Catholic Scholars’ Capstone Presentations Deal Weighty Issues
When Kristin Tweed applied for Sacred Heart University’s Catholic Social Thought Scholars Program in her freshman year, there was nothing to suggest it would change her life.
Four years later, Tweed, a senior psychology and education major from Smithtown, New York, said her participation in the program and its required Capstone project broadened her horizons and influenced her career path.
“It’s eye-opening. By getting involved and working at an elementary school in my freshman and sophomore year I figured out that I wanted to be a teacher…Everything changed, but for the better,” Tweed said at the annual Capstone Presentations held on April 20 at the Pitt Center Board Room.
For her Capstone, Tweed researched laws governing the education of students with learning problems and created a brochure in English, Spanish and Portuguese containing beneficial information for parents of such children.
Laura Murphy, a finance and marketing major who will graduate in December, said the Emersion Week that introduced Catholic Social Thought Scholars to several service projects had her working with the SHU Sunshine Kids, an after-school enrichment program for under-privileged children.
“It turned out to be the most influential week of my life,” said Murphy, who has served as a Sunshine Kids mentor for three years. Murphy used her Capstone to examine the program’s strengths and weaknesses. The biggest strength she identified is that, “You leave with a feeling of accomplishment.”
Tweed and Murphy were among 11 students – three in the Catholic Studies Certificate program and eight Catholic Social Thought Scholars -- who offered Capstone presentations before an audience of about 30 parents, faculty and fellow students. Their Capstones dealt with weighty issues, including the death penalty, hunger and poverty, and environmental stewardship.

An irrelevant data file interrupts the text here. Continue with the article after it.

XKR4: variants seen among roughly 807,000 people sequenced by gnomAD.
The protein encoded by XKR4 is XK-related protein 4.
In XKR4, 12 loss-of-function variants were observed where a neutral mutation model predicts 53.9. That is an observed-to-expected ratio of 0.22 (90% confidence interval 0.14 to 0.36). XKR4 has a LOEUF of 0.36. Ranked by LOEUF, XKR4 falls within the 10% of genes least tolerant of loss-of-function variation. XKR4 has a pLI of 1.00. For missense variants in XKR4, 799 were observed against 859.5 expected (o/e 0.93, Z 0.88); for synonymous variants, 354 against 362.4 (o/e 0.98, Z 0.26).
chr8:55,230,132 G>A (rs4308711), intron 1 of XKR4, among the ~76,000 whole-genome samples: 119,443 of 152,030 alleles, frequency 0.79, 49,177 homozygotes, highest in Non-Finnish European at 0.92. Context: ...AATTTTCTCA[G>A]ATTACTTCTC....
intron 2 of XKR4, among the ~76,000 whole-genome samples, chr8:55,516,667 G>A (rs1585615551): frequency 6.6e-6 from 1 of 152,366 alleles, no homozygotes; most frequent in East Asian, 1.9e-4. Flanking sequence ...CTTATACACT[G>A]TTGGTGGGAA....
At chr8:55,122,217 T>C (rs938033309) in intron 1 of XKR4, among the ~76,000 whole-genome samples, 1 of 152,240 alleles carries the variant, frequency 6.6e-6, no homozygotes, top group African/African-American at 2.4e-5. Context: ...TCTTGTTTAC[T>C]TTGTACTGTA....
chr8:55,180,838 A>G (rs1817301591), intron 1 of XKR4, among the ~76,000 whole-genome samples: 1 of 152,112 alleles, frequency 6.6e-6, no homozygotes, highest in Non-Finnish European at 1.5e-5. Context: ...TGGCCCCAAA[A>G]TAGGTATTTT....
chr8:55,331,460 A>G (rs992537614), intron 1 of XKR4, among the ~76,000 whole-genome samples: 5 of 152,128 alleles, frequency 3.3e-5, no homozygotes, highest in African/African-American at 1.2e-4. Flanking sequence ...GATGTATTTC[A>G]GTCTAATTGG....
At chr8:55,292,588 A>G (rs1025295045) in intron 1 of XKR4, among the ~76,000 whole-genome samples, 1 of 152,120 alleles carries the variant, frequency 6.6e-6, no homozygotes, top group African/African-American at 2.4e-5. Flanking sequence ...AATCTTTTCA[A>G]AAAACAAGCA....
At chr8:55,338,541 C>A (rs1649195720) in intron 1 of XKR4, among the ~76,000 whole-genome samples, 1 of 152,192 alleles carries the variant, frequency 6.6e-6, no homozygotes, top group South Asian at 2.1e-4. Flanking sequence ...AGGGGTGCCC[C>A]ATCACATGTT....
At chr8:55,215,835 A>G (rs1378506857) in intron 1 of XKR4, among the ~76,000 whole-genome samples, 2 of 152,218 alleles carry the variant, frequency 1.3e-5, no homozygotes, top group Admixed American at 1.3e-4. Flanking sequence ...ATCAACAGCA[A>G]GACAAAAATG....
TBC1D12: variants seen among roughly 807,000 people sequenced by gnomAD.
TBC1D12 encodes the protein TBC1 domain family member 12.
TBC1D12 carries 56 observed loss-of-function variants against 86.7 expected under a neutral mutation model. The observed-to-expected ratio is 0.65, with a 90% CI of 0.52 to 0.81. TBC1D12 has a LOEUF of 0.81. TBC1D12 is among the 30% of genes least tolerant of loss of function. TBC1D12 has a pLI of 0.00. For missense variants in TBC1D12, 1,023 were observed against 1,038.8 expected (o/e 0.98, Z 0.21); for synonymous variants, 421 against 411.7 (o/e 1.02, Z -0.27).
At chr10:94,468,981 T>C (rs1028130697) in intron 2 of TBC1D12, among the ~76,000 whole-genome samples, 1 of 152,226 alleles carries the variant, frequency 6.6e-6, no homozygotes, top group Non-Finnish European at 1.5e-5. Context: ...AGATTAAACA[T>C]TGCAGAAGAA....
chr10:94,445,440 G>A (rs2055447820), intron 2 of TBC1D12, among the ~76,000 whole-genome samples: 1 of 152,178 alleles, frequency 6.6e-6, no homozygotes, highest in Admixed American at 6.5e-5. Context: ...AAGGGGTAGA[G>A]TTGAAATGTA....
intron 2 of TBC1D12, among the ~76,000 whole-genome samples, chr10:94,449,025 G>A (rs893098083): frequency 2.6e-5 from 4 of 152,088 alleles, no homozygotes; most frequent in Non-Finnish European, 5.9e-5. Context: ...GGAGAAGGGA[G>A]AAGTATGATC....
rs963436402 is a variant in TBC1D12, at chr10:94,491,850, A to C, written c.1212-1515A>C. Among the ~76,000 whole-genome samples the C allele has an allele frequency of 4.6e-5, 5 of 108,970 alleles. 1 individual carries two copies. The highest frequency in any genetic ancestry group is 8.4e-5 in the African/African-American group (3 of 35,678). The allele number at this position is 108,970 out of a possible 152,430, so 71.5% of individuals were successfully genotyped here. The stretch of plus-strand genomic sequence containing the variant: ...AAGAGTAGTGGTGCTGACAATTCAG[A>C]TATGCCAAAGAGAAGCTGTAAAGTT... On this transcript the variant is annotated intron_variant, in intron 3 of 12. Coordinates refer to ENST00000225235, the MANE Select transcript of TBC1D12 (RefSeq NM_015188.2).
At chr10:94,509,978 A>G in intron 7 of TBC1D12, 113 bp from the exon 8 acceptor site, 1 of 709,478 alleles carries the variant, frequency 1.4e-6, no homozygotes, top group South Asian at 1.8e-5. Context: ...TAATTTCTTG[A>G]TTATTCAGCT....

As part of his Capstone project on HIV/AIDS, Senior Jonathan DeRosa coordinated a “Walk for the Cure,” which raised over $8,000, created an educational program for middle school age children and wrote an informational brochure. “The best I can do is spread awareness so people will stop spreading the disease,” said DeRosa, a psychology major and Spanish minor from Braintree, Mass.
Some students tied their Capstones to their majors. Nursing majors Emily Chasse and Betsy Kara researched universal healthcare and the health of inner city children, respectively.
In her presentation, Junior Sarah Novotny, a math major from Ridge, New York, talked about a week-long series of events she created dealing with the death penalty. Novotny scheduled a viewing of a powerful movie, “The Life of David Gale,” held a candlelight service, encouraged people on campus to sign an anti-death penalty petition and asked people to express their opinions in Memory Books that she will forward to organizations that deal with the issue.
Novotny said Catholic Social Thought teaches that people should value their own lives and the lives of others.
June-Ann Greeley, a professor of religious studies and acting director of the Catholic Social Thought Scholars Program, said the Capstone presentations were more than just a visual representation of the work students have done. “It’s a commitment to certain values, like the thought that we are all joined together,” Greeley said.
“We have a responsibility to go out and do good in the world and it’s not just based on ‘feel-goodism,’ it’s based on church teaching, it’s based on certain moral principles that you don’t have to be Catholic to espouse but working from that tradition suggests that these are things we need to address…children with HIV, death penalty awareness, hunger and poverty, education for children with disabilities,” Greeley said.